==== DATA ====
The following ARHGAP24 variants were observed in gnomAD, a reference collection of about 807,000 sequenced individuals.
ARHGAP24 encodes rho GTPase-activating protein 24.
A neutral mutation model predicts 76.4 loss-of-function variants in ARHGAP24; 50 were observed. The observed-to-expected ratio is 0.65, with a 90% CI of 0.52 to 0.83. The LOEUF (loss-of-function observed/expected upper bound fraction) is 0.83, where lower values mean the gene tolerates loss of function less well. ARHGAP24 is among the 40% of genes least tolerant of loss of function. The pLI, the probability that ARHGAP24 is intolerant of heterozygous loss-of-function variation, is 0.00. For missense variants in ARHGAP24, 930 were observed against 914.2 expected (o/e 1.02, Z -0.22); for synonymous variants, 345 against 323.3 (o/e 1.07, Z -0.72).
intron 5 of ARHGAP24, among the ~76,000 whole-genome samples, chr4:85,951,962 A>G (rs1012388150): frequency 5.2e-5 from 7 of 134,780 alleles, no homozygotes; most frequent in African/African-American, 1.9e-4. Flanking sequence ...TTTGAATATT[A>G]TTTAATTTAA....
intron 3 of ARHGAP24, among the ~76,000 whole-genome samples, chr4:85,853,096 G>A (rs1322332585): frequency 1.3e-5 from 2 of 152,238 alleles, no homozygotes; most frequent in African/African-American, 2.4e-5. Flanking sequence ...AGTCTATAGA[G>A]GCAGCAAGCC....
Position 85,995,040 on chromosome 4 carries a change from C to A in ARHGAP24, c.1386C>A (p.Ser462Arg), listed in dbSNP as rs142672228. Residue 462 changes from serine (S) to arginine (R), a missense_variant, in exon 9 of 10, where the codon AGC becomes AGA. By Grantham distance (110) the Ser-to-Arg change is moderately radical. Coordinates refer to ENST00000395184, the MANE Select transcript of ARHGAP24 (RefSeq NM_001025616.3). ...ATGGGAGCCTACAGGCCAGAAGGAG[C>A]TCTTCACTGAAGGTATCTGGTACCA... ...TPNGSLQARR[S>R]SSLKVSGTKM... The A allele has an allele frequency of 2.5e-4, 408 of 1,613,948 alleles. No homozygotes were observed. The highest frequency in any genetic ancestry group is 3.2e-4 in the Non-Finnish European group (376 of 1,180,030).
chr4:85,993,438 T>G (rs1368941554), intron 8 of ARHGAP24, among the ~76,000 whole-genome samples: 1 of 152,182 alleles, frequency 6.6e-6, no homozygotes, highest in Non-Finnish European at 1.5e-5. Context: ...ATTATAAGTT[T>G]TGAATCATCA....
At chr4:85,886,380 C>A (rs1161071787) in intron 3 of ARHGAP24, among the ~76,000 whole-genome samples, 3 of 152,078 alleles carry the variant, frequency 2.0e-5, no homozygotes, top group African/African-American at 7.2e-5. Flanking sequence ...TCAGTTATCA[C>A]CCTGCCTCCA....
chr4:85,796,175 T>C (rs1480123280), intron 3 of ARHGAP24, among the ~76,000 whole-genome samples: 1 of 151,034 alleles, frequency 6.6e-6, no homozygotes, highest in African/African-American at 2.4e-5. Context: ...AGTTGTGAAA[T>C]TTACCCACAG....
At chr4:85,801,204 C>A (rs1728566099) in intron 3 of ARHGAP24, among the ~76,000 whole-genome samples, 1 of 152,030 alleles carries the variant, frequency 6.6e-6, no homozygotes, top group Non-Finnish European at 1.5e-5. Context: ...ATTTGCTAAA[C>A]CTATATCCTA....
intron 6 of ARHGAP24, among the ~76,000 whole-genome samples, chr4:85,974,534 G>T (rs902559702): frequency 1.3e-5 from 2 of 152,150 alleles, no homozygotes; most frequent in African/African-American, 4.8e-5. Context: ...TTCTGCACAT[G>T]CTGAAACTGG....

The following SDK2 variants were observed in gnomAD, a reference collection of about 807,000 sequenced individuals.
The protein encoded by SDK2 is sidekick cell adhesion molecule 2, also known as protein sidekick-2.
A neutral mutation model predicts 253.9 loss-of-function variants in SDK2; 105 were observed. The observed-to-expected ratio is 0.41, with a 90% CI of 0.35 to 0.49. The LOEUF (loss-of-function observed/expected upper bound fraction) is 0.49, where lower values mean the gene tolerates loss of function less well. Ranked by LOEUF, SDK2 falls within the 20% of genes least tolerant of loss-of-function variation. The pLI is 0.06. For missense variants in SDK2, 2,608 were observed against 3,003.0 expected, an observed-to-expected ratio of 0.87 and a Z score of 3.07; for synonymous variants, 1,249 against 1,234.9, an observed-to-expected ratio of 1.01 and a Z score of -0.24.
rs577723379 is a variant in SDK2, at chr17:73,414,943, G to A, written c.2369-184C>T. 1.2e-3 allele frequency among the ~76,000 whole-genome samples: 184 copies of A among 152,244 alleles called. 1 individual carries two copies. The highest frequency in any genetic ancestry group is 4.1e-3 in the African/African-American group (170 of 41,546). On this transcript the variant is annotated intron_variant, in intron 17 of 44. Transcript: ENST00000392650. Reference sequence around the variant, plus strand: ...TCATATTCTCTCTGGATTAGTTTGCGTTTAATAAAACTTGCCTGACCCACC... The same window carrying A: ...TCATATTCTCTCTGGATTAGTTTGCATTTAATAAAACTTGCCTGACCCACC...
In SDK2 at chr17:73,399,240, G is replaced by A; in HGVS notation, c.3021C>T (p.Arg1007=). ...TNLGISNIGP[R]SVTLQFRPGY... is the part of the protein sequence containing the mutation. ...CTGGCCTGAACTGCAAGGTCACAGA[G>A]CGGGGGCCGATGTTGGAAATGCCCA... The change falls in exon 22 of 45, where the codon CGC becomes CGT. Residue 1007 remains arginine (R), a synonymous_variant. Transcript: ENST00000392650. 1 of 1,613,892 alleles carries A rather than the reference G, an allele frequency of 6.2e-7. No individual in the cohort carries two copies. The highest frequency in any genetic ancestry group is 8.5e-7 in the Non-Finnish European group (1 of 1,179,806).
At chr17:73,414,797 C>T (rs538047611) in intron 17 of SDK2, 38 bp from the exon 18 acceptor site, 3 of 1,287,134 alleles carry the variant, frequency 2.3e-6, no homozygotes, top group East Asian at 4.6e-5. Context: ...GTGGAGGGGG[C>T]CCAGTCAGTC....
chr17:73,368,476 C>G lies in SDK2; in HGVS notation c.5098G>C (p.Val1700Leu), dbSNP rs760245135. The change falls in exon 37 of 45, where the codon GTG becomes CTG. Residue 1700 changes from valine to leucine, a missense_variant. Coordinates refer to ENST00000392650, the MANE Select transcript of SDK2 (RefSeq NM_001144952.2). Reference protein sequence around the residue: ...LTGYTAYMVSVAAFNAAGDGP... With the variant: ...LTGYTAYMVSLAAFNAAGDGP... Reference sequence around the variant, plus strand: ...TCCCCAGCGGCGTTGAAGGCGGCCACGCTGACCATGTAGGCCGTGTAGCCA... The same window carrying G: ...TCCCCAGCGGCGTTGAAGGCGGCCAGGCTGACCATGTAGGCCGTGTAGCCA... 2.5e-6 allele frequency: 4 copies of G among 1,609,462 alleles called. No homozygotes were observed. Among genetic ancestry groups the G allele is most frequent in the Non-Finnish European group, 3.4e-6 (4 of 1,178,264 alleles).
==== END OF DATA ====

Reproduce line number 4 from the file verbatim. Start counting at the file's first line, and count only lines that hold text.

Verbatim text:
intron 5 of ARHGAP24, among the ~76,000 whole-genome samples, chr4:85,951,962 A>G (rs1012388150): frequency 5.2e-5 from 7 of 134,780 alleles, no homozygotes; most frequent in African/African-American, 1.9e-4. Flanking sequence ...TTTGAATATT[A>G]TTTAATTTAA....